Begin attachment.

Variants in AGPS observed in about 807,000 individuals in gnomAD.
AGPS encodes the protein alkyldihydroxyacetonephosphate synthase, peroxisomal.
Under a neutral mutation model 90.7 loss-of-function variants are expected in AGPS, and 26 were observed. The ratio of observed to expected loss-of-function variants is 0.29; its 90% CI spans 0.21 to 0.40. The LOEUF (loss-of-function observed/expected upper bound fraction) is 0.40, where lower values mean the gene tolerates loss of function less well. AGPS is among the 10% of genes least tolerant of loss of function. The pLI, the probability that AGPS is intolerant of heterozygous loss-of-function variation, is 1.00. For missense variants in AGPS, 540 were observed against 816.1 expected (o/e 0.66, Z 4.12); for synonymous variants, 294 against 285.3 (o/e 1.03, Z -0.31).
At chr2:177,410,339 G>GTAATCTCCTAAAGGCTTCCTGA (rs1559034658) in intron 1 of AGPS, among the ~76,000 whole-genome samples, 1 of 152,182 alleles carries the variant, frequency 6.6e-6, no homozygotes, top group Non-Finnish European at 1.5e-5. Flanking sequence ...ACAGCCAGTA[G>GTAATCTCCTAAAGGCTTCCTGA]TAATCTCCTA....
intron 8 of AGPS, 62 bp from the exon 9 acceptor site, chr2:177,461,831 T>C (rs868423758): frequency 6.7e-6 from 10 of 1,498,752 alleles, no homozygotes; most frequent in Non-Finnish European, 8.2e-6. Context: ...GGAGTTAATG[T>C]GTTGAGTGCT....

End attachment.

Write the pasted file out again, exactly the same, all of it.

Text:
Variants in AGPS observed in about 807,000 individuals in gnomAD.
AGPS encodes the protein alkyldihydroxyacetonephosphate synthase, peroxisomal.
Under a neutral mutation model 90.7 loss-of-function variants are expected in AGPS, and 26 were observed. The ratio of observed to expected loss-of-function variants is 0.29; its 90% CI spans 0.21 to 0.40. The LOEUF (loss-of-function observed/expected upper bound fraction) is 0.40, where lower values mean the gene tolerates loss of function less well. AGPS is among the 10% of genes least tolerant of loss of function. The pLI, the probability that AGPS is intolerant of heterozygous loss-of-function variation, is 1.00. For missense variants in AGPS, 540 were observed against 816.1 expected (o/e 0.66, Z 4.12); for synonymous variants, 294 against 285.3 (o/e 1.03, Z -0.31).
At chr2:177,410,339 G>GTAATCTCCTAAAGGCTTCCTGA (rs1559034658) in intron 1 of AGPS, among the ~76,000 whole-genome samples, 1 of 152,182 alleles carries the variant, frequency 6.6e-6, no homozygotes, top group Non-Finnish European at 1.5e-5. Flanking sequence ...ACAGCCAGTA[G>GTAATCTCCTAAAGGCTTCCTGA]TAATCTCCTA....
intron 8 of AGPS, 62 bp from the exon 9 acceptor site, chr2:177,461,831 T>C (rs868423758): frequency 6.7e-6 from 10 of 1,498,752 alleles, no homozygotes; most frequent in Non-Finnish European, 8.2e-6. Context: ...GGAGTTAATG[T>C]GTTGAGTGCT....